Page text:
-The Navy must obtain funding and then approve construction
of the next generation replacement amphibious ship,the LX-90.
This new amphibious ship will be able to embark a minimum of 700
troops; 25,000 cubic feet of cargo; four CH-46E helicopters;and
two LCACs.  It will provide a majority of the capabilities of the
remaining 26 ships of the Austin (LPD-4), Charleston (LKA-113),
Anchorage (LSD-36), and Newport (LST-1179), classes of amphibious
ships that will soon be retiring at the end of their 35-year
service lives. (7:91)
     -The Navy must convince DoD to support procurement of the V-
22 Osprey, which is an obvious choice for replacement of the
Marine Corps medium-lift helicopter, the CH-46.  The V-22 Osprey
was found to be the most cost-effective aircraft for the Marine
Corps medium-lift mission by a study conducted by the DoD-
sponsored Institute of Defense Analysis.  The V-22 is the right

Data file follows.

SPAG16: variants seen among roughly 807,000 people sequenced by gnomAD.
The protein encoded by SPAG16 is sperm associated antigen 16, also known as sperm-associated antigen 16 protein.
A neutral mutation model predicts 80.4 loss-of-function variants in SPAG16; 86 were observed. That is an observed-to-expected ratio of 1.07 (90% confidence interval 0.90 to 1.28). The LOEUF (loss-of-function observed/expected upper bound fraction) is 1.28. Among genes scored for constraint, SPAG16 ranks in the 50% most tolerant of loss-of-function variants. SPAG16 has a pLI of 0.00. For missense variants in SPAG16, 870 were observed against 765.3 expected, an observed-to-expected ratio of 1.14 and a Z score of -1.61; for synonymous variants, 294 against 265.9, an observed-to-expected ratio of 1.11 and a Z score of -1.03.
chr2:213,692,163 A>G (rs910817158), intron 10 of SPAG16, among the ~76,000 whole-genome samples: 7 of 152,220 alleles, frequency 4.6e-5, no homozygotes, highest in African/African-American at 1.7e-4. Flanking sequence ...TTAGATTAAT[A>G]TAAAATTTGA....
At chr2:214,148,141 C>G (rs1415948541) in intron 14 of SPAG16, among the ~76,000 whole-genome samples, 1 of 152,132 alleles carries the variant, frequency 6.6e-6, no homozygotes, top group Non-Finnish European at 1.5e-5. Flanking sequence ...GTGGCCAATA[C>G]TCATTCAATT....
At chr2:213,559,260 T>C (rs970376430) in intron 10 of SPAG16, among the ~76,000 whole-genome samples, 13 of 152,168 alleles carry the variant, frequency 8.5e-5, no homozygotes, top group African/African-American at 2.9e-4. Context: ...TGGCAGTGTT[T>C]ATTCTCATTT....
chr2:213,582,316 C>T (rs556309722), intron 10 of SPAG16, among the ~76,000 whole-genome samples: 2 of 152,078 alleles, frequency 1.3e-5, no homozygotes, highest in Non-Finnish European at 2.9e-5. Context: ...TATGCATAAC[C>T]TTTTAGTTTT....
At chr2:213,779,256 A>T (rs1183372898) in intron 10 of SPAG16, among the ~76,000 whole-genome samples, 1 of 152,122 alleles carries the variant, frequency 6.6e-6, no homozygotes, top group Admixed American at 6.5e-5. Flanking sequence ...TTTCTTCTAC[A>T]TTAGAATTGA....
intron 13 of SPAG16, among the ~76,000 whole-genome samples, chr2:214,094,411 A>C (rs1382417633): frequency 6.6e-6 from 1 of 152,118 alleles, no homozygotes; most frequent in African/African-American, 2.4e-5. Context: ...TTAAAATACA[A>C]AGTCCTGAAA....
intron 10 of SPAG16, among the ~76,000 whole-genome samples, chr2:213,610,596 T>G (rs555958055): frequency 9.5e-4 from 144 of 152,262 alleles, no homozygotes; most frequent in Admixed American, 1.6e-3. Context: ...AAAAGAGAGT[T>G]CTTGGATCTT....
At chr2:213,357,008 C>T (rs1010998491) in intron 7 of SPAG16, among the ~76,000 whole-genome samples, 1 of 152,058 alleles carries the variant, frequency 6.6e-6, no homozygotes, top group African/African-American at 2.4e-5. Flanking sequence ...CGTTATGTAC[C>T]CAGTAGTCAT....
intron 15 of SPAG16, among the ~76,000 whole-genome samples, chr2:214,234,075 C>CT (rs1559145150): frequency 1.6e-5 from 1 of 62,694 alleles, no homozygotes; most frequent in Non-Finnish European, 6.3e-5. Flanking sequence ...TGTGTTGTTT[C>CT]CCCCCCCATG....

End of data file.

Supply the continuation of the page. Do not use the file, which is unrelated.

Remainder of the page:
platform to fulfill the Marine Corps medium-lift requirements
well into the 21st century, but DoD must first be convinced to
fund it.
     -The regional and littoral warfighting environment requires
new doctrinal thinking to get the most out of integrating the
Navy/Marine Corps and the joint sea-air-land team. (6:11) The new
Naval Doctrine Command being established in Norfolk will provide
the right stage to initiate doctrine development that can achieve
successful transformation from a "blue water" mentality toward a
"brown water" regional focus.  Total commitment on behalf of
senior Naval leadership toward this goal is mandatory for
attainment.
     -Restoration of funding to a level that will allow the
Marine Corps to maintain active duty strength at current Base
Force levels is vital to meeting all current forward presence
commitments.  If funding is not restored Congress and the
National Command Authority must make some difficult decisions on
what commitments and contingencies are not going to be met due to
a shrinking armed force.
     -The ideal solution to ensure adequate NGFS would be to
bring back all four battleships.  Since this is an unrealistic